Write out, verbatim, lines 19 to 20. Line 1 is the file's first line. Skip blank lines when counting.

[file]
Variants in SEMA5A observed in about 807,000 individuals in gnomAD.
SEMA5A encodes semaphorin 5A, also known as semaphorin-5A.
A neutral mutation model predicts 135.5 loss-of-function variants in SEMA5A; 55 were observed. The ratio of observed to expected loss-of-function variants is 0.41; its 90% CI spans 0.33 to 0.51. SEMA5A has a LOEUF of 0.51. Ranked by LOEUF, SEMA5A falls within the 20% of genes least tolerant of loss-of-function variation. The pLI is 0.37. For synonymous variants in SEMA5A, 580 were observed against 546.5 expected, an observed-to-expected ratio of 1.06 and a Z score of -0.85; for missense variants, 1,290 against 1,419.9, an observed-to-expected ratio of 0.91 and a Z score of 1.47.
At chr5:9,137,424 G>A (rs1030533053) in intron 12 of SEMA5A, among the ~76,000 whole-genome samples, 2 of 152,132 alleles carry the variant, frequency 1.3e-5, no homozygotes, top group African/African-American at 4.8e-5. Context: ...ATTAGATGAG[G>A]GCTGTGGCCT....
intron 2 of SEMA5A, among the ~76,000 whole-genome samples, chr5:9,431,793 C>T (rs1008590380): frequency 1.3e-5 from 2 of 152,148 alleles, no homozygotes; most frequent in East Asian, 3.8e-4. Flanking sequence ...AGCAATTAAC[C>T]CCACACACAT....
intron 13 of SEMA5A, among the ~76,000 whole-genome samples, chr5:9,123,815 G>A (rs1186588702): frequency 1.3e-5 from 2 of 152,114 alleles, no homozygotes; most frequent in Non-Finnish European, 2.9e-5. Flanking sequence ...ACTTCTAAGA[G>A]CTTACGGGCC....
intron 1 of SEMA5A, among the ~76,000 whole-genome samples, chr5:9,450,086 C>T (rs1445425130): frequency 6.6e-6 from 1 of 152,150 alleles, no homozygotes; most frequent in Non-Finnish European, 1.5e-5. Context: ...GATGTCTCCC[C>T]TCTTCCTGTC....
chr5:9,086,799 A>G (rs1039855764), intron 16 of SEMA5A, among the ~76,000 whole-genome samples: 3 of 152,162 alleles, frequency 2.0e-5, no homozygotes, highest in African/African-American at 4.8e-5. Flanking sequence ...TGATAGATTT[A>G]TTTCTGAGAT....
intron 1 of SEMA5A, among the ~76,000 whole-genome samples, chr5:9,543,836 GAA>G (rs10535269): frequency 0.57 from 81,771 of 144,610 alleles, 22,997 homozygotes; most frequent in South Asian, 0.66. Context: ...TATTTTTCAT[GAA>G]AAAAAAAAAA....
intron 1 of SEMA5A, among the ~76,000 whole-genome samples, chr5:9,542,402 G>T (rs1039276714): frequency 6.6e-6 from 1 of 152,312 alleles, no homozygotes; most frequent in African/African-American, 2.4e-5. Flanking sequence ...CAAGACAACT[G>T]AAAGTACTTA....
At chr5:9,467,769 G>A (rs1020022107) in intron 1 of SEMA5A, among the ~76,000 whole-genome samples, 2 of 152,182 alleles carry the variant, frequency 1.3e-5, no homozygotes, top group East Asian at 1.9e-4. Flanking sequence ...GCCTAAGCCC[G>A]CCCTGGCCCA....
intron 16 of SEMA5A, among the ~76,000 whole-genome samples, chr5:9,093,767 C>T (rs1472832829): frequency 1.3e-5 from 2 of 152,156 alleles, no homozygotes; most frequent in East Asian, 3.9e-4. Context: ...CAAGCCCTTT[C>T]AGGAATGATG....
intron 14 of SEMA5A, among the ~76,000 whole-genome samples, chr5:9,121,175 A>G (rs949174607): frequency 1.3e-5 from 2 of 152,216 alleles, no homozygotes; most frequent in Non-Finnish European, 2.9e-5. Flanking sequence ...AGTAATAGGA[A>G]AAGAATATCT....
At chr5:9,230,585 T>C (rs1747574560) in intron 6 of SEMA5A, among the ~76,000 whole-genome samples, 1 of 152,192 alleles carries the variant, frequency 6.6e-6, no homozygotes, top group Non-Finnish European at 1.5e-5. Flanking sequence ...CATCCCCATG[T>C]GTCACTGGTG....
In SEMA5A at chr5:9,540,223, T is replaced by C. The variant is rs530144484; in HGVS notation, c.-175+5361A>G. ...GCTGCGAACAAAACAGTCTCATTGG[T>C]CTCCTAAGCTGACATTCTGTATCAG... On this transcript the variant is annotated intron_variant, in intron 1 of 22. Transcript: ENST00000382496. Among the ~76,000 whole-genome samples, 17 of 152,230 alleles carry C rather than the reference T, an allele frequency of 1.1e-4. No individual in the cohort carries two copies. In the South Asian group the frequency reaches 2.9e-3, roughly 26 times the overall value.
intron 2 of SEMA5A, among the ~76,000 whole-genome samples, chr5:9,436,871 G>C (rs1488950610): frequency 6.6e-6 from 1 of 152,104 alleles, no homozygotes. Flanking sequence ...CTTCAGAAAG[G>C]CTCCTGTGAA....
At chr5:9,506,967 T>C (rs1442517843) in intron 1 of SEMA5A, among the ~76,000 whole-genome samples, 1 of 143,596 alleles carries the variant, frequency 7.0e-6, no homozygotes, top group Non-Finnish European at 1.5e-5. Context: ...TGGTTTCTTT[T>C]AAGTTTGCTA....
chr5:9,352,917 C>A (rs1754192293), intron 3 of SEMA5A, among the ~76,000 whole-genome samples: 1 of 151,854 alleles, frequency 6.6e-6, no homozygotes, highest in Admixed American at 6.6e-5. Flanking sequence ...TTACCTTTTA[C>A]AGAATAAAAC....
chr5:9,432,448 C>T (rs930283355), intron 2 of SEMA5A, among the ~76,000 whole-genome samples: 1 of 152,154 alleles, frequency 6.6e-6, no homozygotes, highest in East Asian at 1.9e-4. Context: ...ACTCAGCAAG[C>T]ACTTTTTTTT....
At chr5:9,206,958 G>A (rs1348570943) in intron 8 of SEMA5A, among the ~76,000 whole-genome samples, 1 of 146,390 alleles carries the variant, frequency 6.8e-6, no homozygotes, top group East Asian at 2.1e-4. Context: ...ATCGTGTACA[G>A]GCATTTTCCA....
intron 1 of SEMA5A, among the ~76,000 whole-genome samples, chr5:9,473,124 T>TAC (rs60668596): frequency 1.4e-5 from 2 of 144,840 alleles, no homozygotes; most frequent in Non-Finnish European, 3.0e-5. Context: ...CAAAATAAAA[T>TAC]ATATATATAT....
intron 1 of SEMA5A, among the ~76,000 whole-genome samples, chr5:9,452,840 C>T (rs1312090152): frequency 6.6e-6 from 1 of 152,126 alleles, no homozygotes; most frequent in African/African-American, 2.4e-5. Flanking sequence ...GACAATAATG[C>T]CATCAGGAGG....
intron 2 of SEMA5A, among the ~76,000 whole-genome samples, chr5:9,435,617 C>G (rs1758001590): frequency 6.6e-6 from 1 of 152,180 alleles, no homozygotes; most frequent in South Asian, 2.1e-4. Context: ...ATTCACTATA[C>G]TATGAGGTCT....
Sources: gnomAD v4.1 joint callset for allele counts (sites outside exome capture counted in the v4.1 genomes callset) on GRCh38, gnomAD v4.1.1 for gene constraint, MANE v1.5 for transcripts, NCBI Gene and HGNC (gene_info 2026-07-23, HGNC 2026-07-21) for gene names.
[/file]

chr5:9,432,448 C>T (rs930283355), intron 2 of SEMA5A, among the ~76,000 whole-genome samples: 1 of 152,154 alleles, frequency 6.6e-6, no homozygotes, highest in East Asian at 1.9e-4. Context: ...ACTCAGCAAG[C>T]ACTTTTTTTT....
At chr5:9,206,958 G>A (rs1348570943) in intron 8 of SEMA5A, among the ~76,000 whole-genome samples, 1 of 146,390 alleles carries the variant, frequency 6.8e-6, no homozygotes, top group East Asian at 2.1e-4. Context: ...ATCGTGTACA[G>A]GCATTTTCCA....